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Woutersen Vault
Green Point, Cape Town, Western Cape

Herman SCHUTTE: Architect
RENNIE and GODDARD ARCHITECTS: Architect Restoration 1991

Date:pre-1827 : 1991
Type:Burial Vault
Street:Corner of Bertrand and Wessels Rds


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33°54'43.47" S 18°24'45.50" E Alt: 57m

Also referred to as the Pieter Woutersen Vault.

The plaque on the front façade reads:

Gebooren te Vlissingen in Zeeland den 25 January 1772
Overleeden aan Kaap de Goede Hoop den 20 December 1827

Among the buyers of land at Green Point in 1815 was Pieter Woutersen. He built the tomb, which is attributed to Schutte, in the 1820s, and was buried there in 1827. His widow, Maria de Villiers, later married Johan Joachim Smuts. After her death a freehold grand of a little over eleven morgen was made, in 1858, to Smuts and to his deceased wife’s son by her first marriage, P H Woutersen. The tomb, in which several other members of the family were buried, stands on this piece of land. (Fransen et al. 1965: 21)

It was erected in 1827 by the widow of Peter Woutersen. His granddaughter married Jacobus Christoffel Wessels, whose son, Sir John Wessels, became Chief Justice of South Africa. Various members of the family lived on the estate. Some prominent citizens have been buried here, inter alia Adv. M. L. Wessels, brother of Sir John Wessels, former Chief Justice of the Union.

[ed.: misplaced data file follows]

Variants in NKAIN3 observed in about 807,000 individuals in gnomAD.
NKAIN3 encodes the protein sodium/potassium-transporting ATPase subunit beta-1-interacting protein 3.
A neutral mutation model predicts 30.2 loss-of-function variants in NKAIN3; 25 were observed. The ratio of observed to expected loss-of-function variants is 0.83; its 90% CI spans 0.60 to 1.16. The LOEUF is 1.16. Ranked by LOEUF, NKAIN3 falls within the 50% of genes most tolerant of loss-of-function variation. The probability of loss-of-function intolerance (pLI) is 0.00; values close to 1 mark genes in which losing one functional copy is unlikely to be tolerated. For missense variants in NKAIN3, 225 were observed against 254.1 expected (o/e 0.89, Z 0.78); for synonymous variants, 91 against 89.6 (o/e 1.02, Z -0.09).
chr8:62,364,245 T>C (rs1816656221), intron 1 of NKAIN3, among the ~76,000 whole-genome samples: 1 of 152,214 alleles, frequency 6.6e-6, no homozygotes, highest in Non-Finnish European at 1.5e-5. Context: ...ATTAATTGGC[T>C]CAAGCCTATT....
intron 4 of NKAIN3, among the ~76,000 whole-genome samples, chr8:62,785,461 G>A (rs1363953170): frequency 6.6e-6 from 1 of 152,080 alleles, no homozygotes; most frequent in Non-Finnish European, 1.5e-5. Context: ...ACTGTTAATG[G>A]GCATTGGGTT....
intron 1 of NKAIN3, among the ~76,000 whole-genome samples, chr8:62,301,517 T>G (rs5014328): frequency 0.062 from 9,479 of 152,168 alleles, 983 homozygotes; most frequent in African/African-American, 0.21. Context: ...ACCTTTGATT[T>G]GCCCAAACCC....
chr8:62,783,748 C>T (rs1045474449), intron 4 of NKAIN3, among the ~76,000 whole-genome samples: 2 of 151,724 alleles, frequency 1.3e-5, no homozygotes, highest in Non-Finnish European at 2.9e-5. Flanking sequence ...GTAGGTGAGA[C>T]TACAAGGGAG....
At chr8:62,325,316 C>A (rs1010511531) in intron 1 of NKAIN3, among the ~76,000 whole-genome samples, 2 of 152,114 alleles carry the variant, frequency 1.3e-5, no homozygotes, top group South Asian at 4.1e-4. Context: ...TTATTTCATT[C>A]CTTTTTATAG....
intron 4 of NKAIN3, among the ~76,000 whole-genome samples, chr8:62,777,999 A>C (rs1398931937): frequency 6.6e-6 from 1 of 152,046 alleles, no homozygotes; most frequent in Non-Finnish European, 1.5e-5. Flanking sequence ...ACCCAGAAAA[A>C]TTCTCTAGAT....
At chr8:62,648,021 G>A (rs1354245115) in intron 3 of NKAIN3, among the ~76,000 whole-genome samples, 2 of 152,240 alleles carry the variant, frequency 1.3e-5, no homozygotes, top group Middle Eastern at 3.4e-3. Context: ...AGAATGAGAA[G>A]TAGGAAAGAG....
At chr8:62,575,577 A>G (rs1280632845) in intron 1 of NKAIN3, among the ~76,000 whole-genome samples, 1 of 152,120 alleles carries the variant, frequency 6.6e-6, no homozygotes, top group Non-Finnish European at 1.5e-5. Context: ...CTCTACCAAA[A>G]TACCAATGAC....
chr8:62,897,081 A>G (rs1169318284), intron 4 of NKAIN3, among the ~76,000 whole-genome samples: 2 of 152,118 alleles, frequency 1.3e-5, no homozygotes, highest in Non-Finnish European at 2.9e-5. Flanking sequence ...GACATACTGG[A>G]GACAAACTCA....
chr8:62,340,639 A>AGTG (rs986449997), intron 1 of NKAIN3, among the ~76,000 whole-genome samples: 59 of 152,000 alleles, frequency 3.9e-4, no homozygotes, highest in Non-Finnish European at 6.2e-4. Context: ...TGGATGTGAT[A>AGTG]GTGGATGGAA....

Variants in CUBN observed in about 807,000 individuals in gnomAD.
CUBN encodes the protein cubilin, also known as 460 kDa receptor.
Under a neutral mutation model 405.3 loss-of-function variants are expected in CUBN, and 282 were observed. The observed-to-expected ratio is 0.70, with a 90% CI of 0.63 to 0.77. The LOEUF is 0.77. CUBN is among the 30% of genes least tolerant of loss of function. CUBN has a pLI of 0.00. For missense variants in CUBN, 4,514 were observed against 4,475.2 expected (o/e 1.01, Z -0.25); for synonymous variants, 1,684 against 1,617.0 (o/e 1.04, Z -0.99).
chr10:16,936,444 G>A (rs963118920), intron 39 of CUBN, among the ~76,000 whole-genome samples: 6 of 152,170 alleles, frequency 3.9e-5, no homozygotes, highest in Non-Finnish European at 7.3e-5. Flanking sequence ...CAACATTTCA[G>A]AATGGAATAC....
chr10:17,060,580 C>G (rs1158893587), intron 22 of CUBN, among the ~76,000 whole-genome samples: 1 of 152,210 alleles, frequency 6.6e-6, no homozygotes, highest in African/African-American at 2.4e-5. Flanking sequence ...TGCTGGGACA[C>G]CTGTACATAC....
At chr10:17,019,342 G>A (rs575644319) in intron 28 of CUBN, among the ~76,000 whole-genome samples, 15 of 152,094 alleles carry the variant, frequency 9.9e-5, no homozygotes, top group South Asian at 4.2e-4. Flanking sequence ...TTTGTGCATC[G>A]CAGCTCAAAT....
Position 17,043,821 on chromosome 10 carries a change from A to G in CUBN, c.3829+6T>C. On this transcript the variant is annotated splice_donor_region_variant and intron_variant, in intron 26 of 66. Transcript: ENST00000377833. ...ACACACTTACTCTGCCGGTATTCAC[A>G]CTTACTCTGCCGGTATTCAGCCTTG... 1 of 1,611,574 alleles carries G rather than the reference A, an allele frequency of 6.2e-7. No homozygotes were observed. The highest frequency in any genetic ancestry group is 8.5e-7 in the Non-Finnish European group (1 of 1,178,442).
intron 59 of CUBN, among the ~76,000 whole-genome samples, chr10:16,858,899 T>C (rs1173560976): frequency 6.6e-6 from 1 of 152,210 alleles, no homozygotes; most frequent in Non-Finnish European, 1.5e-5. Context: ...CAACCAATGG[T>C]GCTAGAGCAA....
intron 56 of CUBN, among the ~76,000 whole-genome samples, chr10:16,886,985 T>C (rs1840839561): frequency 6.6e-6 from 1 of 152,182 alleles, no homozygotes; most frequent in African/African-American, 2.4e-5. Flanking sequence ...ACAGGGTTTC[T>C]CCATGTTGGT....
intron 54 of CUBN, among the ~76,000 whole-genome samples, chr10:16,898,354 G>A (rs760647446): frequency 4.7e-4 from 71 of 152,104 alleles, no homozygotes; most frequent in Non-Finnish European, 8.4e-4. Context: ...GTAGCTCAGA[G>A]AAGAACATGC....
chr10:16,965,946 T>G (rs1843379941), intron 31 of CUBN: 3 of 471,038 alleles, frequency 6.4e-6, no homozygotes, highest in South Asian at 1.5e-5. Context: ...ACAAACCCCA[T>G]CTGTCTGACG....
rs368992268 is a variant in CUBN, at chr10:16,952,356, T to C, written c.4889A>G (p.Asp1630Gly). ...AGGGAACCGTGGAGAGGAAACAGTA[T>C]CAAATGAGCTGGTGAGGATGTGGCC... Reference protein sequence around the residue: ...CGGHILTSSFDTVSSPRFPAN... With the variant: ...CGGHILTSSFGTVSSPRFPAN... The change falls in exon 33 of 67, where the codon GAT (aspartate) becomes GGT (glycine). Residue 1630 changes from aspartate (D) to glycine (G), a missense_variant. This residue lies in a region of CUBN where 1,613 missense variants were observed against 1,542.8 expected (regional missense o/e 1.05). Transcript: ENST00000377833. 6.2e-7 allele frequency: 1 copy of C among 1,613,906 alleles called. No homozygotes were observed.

Because the vault had been broken into by thieves who stole the ornaments of the coffins and other valuables, the great iron door of the vault was eventually permanently sealed. Consequently, the last member of the family who died on the estate was buried outside the vault.

The neo-classical style of the vault is very confidently ascribed to the well-known master builder Herman Schutte. The structure stands directly in line with the entrance to the old Victoria Basin of the docks. On some old charts it is marked as a landmark for the guidance of ships entering the docks.

Bibliography archive: Langham-Carter MS:23 ; Rennie & Goddard Architects "Restoration of the Woutersen-Wessels Vault for the National Monuments Council" April 1991.

It was declared a national monument in 1961 (Gazette No 6664, 14/04/1961). It is now a provincial heritage site.

(SAHRIS, accessed 2020 07 13)

These notes were last edited on 2020 07 13

Writings about this entry

Fransen, Hans & Cook, Mary Alexander. 1965. The old houses of the Cape : a survey of the existing buildings in the traditional style of architecture of the Dutch-settled regions of the Cape of Good Hope. Cape Town: AA Balkema. pg 21